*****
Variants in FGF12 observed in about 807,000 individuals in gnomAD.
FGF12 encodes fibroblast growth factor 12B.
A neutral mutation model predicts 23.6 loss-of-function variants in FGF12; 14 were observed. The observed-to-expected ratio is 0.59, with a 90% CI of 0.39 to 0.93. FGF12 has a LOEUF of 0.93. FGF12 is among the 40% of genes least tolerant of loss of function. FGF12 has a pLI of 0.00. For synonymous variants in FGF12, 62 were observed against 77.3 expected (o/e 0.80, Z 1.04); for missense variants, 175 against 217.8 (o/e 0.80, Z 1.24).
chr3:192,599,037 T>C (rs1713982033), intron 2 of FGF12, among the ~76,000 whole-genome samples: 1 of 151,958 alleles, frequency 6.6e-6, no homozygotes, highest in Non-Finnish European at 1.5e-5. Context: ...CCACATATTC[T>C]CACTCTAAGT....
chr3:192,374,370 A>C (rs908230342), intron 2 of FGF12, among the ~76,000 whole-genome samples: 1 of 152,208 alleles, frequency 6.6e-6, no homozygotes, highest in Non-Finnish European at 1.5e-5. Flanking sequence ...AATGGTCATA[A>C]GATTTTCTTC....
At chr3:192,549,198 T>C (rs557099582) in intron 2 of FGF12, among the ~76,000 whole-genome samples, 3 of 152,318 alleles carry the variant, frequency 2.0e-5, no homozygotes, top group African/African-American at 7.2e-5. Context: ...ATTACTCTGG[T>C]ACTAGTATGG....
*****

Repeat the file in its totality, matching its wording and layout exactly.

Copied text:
Variants in FGF12 observed in about 807,000 individuals in gnomAD.
FGF12 encodes fibroblast growth factor 12B.
A neutral mutation model predicts 23.6 loss-of-function variants in FGF12; 14 were observed. The observed-to-expected ratio is 0.59, with a 90% CI of 0.39 to 0.93. FGF12 has a LOEUF of 0.93. FGF12 is among the 40% of genes least tolerant of loss of function. FGF12 has a pLI of 0.00. For synonymous variants in FGF12, 62 were observed against 77.3 expected (o/e 0.80, Z 1.04); for missense variants, 175 against 217.8 (o/e 0.80, Z 1.24).
chr3:192,599,037 T>C (rs1713982033), intron 2 of FGF12, among the ~76,000 whole-genome samples: 1 of 151,958 alleles, frequency 6.6e-6, no homozygotes, highest in Non-Finnish European at 1.5e-5. Context: ...CCACATATTC[T>C]CACTCTAAGT....
chr3:192,374,370 A>C (rs908230342), intron 2 of FGF12, among the ~76,000 whole-genome samples: 1 of 152,208 alleles, frequency 6.6e-6, no homozygotes, highest in Non-Finnish European at 1.5e-5. Flanking sequence ...AATGGTCATA[A>C]GATTTTCTTC....
At chr3:192,549,198 T>C (rs557099582) in intron 2 of FGF12, among the ~76,000 whole-genome samples, 3 of 152,318 alleles carry the variant, frequency 2.0e-5, no homozygotes, top group African/African-American at 7.2e-5. Context: ...ATTACTCTGG[T>C]ACTAGTATGG....